The extra special treat for me was hearing Shaun Evans pronounce Magdalen correctly. Also Seine. 🙂

    While I realize they are trying to build Trewlove’s character, I think Morse would have figured out the chess moves from the lockers (even I got the coordinates as a chess clue, and I’m no chess expert) as well as being able to roughly translate the diary. But I suppose they are trying to show team effort at work.

    One other small pet peeve was the cigarette case…when Max hands Endeavour the cigarette case… wouldn’t it have been soaking for about a month? It looked pristine. 🙁 Same for the papers that Trewlove was holding.

    Don’t get me wrong. I nitpick only because I realize there’s so many other details that they get right. 🙂 👍

  15. Nice job as usual, Chris. Thanks!

    The extra special treat for me was hearing Shaun Evans pronounce Magdalen correctly. Also Seine. 🙂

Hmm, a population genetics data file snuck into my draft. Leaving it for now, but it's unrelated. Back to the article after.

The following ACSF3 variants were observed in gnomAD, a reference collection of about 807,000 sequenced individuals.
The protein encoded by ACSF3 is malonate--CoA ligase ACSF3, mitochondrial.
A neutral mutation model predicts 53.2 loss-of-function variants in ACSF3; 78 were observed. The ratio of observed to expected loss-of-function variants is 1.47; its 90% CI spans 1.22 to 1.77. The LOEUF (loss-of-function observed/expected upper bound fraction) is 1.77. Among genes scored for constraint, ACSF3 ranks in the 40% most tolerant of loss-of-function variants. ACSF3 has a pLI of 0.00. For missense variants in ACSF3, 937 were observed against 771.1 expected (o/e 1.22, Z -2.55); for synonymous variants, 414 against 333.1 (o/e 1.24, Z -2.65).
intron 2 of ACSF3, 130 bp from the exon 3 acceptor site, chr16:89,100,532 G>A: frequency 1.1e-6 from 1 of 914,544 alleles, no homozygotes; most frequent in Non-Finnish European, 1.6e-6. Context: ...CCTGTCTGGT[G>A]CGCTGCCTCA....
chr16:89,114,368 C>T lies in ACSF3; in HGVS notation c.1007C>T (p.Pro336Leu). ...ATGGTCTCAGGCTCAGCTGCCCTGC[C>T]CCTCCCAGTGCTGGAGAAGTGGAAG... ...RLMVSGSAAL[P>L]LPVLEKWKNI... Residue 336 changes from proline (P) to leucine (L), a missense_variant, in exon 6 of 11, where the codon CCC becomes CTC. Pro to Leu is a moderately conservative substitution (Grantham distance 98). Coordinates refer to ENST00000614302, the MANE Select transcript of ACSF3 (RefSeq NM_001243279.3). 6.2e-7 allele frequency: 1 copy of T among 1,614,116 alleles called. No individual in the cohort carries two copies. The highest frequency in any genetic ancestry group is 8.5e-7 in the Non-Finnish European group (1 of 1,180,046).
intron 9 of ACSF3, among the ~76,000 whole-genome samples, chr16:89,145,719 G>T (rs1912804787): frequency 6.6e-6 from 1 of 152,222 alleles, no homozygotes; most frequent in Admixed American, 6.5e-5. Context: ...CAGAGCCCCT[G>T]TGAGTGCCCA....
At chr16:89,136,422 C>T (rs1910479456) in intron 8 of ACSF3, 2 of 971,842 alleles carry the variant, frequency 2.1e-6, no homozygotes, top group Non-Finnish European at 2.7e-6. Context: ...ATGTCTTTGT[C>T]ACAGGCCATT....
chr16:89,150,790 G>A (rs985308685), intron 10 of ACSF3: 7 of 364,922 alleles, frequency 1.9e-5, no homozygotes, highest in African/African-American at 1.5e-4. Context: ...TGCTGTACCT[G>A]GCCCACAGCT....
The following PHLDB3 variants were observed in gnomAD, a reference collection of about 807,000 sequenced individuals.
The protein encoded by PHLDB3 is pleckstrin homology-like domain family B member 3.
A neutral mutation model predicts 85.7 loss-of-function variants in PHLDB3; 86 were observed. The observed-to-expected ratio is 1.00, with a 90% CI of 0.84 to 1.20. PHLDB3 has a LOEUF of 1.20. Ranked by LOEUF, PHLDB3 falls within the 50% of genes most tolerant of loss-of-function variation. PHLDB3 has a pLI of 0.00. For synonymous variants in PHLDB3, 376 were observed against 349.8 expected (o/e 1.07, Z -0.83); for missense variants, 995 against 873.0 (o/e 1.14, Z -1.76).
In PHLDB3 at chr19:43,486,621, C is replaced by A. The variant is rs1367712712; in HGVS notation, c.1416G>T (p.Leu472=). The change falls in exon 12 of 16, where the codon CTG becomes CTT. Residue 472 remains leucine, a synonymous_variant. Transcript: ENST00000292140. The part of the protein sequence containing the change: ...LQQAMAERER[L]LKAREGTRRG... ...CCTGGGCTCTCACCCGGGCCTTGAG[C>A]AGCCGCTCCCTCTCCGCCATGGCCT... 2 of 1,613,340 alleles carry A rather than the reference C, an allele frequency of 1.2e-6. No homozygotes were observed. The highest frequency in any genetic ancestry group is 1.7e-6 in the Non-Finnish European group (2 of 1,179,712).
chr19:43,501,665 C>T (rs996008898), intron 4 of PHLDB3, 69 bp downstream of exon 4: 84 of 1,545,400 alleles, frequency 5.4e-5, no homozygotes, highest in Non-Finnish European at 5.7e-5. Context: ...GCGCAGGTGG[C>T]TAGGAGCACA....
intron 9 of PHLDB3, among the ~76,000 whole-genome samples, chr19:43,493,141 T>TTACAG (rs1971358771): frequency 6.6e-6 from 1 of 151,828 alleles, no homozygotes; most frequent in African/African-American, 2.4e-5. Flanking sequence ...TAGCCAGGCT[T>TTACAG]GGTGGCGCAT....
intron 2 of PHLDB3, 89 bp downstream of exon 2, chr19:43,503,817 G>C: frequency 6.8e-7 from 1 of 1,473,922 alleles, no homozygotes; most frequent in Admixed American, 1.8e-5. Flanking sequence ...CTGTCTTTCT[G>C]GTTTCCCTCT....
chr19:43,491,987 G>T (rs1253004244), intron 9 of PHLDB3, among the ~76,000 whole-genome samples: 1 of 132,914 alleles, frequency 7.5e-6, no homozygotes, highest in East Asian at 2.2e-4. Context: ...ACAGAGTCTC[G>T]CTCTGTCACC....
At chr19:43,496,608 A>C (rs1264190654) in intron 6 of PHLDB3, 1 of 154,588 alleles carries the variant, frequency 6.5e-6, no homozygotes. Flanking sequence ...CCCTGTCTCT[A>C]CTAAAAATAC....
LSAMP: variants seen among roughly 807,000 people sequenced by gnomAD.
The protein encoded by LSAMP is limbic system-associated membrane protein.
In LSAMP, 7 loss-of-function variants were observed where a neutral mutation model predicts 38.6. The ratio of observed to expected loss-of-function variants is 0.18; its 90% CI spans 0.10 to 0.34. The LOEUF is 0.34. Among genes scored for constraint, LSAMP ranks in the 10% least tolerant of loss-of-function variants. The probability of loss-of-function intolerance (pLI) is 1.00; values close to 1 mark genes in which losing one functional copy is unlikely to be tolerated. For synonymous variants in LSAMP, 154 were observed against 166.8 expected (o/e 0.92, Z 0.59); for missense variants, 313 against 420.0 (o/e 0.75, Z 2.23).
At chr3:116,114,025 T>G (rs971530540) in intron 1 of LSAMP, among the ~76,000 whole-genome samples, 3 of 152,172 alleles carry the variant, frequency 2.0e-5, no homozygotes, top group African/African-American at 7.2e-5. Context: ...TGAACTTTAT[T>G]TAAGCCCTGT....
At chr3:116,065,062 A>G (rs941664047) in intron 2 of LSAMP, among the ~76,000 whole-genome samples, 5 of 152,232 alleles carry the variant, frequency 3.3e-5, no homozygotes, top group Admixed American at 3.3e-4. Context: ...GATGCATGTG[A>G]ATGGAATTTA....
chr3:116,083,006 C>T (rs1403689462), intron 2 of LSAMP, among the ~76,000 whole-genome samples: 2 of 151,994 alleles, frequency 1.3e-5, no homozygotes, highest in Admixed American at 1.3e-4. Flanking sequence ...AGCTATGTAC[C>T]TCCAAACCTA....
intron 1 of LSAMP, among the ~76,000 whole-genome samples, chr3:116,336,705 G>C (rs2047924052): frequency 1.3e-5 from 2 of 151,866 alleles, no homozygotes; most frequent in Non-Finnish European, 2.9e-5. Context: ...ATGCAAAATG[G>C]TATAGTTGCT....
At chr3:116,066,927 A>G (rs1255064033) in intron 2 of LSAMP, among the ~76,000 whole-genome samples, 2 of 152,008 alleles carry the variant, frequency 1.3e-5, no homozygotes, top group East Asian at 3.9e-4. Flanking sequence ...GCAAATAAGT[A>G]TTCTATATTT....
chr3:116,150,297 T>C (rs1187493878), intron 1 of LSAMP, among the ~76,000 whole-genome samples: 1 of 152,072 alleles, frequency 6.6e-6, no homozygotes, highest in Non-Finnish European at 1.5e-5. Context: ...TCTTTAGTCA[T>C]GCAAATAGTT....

While I realize they are trying to build Trewlove’s character, I think Endeavour would have figured out the chess moves from the lockers (even I got the coordinates as a chess clue, and I’m no chess expert) as well as being able to roughly translate the diary. But I suppose they are trying to show team effort at work.

    One other small pet peeve was the cigarette case…when Max hands Endeavour the cigarette case… wouldn’t it have been soaking for about a month? It looked pristine. 🙁 Same for the papers that Trewlove was holding.

    Don’t get me wrong. I nitpick only because I realize there’s so many other details that they get right. 🙂 👍

  16. Thank you for your great blog. We recently discovered it when seaching for the Erik Satie piece that is the opening theme: https://www.youtube.com/watch?v=8cmzjIkx6b8
    It is performed by HOPE ENSEMBLE. What a great intro piece with all the watery intonations to make the them of water so evident…Thanks again for your great blog.

  17. Sorry I’m a little late to the party…..The Abyss movie photo……that isn’t a mouse 😉 white mice, computers, old chess computers it’s 100% Hitchhikers.

    1. Hi Robert and welcome. I have to say that Hitchhikers never crossed my mind though of course it should have. I think you could be right but I will keep my film reference as a possible double reference. 😉